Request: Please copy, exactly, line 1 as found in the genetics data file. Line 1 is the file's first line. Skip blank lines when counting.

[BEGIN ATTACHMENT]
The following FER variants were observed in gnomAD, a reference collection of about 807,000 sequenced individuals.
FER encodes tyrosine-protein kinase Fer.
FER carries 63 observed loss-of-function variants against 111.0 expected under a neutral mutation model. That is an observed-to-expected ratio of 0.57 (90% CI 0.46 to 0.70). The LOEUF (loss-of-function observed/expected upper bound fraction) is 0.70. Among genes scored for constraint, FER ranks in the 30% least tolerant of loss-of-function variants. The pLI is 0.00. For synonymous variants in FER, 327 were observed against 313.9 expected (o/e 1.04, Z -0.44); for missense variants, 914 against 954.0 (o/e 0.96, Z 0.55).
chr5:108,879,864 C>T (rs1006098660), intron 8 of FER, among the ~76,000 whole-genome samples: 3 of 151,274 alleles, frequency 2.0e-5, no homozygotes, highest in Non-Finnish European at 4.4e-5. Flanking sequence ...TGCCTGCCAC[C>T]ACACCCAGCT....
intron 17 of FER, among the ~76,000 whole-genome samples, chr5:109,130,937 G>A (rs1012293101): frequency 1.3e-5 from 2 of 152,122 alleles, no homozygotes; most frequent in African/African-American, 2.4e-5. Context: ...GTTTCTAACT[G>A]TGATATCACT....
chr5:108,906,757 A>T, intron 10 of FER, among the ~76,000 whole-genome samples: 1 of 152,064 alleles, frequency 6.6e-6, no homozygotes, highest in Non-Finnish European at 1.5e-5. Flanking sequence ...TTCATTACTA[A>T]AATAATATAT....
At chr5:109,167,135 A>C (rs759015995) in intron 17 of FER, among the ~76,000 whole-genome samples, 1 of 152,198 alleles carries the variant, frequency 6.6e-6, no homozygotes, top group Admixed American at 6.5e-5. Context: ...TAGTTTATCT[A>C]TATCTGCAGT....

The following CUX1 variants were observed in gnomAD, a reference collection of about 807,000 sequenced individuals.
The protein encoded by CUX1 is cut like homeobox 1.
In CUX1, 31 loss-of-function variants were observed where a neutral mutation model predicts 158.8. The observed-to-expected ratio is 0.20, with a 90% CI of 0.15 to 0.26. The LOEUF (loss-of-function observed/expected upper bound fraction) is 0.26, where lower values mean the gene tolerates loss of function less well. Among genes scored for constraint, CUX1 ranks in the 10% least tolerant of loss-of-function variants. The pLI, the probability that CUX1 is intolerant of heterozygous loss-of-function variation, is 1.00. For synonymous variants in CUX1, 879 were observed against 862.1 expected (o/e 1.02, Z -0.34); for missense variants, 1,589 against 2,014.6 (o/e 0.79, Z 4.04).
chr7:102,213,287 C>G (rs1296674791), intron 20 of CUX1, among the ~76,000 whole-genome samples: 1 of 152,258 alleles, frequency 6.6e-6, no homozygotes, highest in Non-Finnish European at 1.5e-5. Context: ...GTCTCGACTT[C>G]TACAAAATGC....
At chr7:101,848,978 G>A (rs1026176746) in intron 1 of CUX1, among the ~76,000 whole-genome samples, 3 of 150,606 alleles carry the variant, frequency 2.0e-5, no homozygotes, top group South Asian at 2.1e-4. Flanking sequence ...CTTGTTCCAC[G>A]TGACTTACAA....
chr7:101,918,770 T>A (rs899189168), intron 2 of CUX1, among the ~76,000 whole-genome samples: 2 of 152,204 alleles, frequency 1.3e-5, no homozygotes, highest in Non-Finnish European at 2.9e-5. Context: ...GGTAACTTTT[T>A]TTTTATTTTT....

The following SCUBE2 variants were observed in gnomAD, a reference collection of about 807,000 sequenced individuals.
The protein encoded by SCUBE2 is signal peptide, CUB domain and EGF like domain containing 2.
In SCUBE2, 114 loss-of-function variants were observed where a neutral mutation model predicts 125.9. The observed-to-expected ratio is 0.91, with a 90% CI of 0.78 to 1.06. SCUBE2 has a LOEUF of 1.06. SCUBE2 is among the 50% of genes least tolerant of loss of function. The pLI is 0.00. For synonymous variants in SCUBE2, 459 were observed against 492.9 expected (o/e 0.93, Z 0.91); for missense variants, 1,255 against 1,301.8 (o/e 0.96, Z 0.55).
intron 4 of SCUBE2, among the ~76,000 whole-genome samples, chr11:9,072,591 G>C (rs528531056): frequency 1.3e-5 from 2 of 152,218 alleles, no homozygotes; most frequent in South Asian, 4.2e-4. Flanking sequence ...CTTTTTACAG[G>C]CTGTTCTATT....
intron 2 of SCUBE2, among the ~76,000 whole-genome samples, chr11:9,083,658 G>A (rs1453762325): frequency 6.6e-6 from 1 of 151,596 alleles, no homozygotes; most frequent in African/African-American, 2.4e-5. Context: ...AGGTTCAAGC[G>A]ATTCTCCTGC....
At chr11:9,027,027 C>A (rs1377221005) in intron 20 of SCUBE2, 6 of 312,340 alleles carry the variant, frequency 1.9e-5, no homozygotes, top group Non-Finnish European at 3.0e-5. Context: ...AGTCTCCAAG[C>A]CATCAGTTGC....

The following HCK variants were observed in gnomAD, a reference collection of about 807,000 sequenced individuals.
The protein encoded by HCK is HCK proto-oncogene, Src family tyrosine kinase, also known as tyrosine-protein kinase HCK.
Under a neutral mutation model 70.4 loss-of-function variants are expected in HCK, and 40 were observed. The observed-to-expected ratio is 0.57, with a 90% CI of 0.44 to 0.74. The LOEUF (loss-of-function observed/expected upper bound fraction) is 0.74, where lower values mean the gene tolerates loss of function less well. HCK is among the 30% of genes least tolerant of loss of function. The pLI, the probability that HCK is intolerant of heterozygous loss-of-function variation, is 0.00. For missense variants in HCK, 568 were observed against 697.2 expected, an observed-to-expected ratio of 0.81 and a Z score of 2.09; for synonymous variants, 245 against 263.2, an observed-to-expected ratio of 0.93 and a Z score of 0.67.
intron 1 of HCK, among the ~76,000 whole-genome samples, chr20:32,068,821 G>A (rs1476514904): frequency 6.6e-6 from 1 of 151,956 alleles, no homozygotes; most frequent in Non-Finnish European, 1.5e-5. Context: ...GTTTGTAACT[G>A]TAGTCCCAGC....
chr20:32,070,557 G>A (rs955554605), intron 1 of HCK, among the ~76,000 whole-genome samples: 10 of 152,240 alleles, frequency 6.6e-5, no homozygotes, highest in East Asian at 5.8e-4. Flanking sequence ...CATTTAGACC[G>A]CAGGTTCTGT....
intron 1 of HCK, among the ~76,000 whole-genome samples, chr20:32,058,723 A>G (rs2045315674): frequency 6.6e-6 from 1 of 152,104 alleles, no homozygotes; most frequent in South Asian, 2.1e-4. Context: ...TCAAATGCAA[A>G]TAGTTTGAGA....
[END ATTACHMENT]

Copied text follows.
The following FER variants were observed in gnomAD, a reference collection of about 807,000 sequenced individuals.